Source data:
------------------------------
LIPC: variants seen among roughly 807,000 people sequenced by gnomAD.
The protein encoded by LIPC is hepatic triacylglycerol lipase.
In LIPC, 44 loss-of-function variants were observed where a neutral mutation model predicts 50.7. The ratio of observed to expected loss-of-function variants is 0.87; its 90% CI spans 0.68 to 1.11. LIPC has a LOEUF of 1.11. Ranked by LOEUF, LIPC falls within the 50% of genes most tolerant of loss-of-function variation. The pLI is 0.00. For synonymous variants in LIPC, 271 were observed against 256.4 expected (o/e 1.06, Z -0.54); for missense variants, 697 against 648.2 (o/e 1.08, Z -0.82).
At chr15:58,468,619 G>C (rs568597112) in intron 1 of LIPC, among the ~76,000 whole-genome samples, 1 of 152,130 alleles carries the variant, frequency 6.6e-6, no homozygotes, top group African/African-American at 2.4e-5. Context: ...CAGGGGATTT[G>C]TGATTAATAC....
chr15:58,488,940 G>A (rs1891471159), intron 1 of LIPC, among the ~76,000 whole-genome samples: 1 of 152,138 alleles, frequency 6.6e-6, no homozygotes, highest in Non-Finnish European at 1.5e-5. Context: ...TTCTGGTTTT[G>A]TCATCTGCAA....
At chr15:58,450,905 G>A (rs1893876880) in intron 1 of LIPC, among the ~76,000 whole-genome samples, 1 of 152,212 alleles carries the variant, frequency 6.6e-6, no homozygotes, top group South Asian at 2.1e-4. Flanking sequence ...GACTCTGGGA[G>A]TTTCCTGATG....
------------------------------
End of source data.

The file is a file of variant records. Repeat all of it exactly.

LIPC: variants seen among roughly 807,000 people sequenced by gnomAD.
The protein encoded by LIPC is hepatic triacylglycerol lipase.
In LIPC, 44 loss-of-function variants were observed where a neutral mutation model predicts 50.7. The ratio of observed to expected loss-of-function variants is 0.87; its 90% CI spans 0.68 to 1.11. LIPC has a LOEUF of 1.11. Ranked by LOEUF, LIPC falls within the 50% of genes most tolerant of loss-of-function variation. The pLI is 0.00. For synonymous variants in LIPC, 271 were observed against 256.4 expected (o/e 1.06, Z -0.54); for missense variants, 697 against 648.2 (o/e 1.08, Z -0.82).
At chr15:58,468,619 G>C (rs568597112) in intron 1 of LIPC, among the ~76,000 whole-genome samples, 1 of 152,130 alleles carries the variant, frequency 6.6e-6, no homozygotes, top group African/African-American at 2.4e-5. Context: ...CAGGGGATTT[G>C]TGATTAATAC....
chr15:58,488,940 G>A (rs1891471159), intron 1 of LIPC, among the ~76,000 whole-genome samples: 1 of 152,138 alleles, frequency 6.6e-6, no homozygotes, highest in Non-Finnish European at 1.5e-5. Context: ...TTCTGGTTTT[G>A]TCATCTGCAA....
At chr15:58,450,905 G>A (rs1893876880) in intron 1 of LIPC, among the ~76,000 whole-genome samples, 1 of 152,212 alleles carries the variant, frequency 6.6e-6, no homozygotes, top group South Asian at 2.1e-4. Flanking sequence ...GACTCTGGGA[G>A]TTTCCTGATG....